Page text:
Analysis of Klimt’s Adele Bloch-Bauer I

Analysis of Klimt’s Adele Bloch-Bauer I

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Analysis of Klimt’s Adele Bloch-Bauer I

Gustav Klimt’s “Golden Style” reached its pinnacle in the portrait of Adele Bloch-Bauer I (1907). Here, we see an opulent patchwork of ornaments where Mycenaean gold mingles with Byzantium, creating the overall impression of a religious idol and a seemingly endless array of paintings within paintings.

Gustav Klimt’s portraits of upperclass Viennese bourgeoisie women, including Adele Bloch-Bauer I, required long preparation because of their frequent symbolic depth and richness of ornamental detail. Hence, Gustav Klimt was not a prolific painter. But he was a prolific sketch artist and did many preparatory drawings for his works, around a hundred in the case of the portrait Adele Bloch-Bauer I.

Klimt believed in the daily discipline of the pencil to keep his hand in practice. Every day, in an inexhaustible desire for mastery, he quickly captured on paper the movements and erotic poses of the models that camped out in his studio, as if he were writing his own catalogue of a Don Juan without Satanism.

Cataloged by Alice Strobl, 1,003 women were sketched amounting to 4,000 pages that bear witness to Klimt as one of the greatest masters of drawing in the twentieth century. Where once Klimt painted a silky gown, he now portrays a shining metal tunic of the same material as the armchair and background. In the glitter of the gold and a dense vegetation of squares, spirals, triangles, ovoids, and eyes – ornamental motifs as well as secret erotic symbols – the contours of Adele’s bell-shaped figure remain ambiguous. Only the pearly face and nervously interlaced hands of this painting escape the “metallization” and appear as if cut out of the inlay work.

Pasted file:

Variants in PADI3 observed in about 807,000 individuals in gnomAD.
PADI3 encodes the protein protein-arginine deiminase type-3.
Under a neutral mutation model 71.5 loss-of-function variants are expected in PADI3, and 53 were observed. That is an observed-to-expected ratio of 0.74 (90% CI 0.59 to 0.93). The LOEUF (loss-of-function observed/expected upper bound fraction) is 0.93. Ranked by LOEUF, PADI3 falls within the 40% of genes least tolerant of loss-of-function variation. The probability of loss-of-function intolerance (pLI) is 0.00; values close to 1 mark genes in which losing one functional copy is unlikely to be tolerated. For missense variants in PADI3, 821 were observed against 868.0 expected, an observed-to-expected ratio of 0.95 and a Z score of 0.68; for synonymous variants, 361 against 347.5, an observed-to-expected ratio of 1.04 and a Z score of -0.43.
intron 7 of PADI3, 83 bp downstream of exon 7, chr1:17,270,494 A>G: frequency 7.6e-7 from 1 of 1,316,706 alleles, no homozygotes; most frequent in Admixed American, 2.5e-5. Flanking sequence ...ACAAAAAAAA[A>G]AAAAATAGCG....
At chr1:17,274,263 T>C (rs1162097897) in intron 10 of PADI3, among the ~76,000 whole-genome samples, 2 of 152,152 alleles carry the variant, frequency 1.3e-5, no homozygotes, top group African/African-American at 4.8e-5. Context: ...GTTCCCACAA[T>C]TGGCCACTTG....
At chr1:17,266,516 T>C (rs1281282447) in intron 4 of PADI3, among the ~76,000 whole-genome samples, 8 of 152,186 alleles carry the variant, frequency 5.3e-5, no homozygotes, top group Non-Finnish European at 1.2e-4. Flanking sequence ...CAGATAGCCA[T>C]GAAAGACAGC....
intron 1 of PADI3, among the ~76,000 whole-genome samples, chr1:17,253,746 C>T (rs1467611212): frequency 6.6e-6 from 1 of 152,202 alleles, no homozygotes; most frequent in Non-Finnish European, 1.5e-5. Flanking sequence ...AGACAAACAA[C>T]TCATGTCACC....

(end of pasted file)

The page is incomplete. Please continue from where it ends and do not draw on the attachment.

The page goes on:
Studded with precious metals, Adele Bloch Bauer I is Gustav Klimt’s expression of the decadent, morbid passion for jewelry and the extreme homage to the femme fatale raised up to the throne like an enigmatic divinity. Yet the triumph of this goddess is also her prison, as if she were mounted in shining metal, captured for eternity in her precious tapestries, sealed alive inside the flat wall of gems, as if the artist secretly wished to neutralize that threat hidden in the mother-of-pearl face.

Recent Controversy Around Klimt’s Adele Bloch-Bauer I

This painting, along with other works by Klimt (a second portrait from 1912 and three landscapes), was recently at the center of a lawsuit brought by the subject’s heirs against the Austrian government for the restitution of goods expropriated from Jews during the Nazi period. Immediately after the Anschluss of 1938, unifying Austria with German Reich, the Bloch-Bauer family was stripped of its considerable fortune and collections that, in addition to numerous paintings, included 400 valuable porcelain pieces.

Some works, such as the Klimt paintings, ended up in museums; others were dispersed among art dealers. After sixty-six years, in part because of an Austrian law from 1998 that allowed for the repatriation (or return) of works plundered or extorted from their legitimate owners, the five Klimt works were returned to the family and left the Belvedere museum on February 6, 2006.

Gustav Klimt’s Adele Bloch-Bauer, “the twentieth century Mona Lisa,” was acquired a few months later by cosmetics magnate Ronald S. Lauder for the sum of $135 million, making it the most expensive painting ever sold at that time, and joined its new collection in New York at the Neue Galerie, the museum founded by Lauder and dedicated to Austrian and German art.

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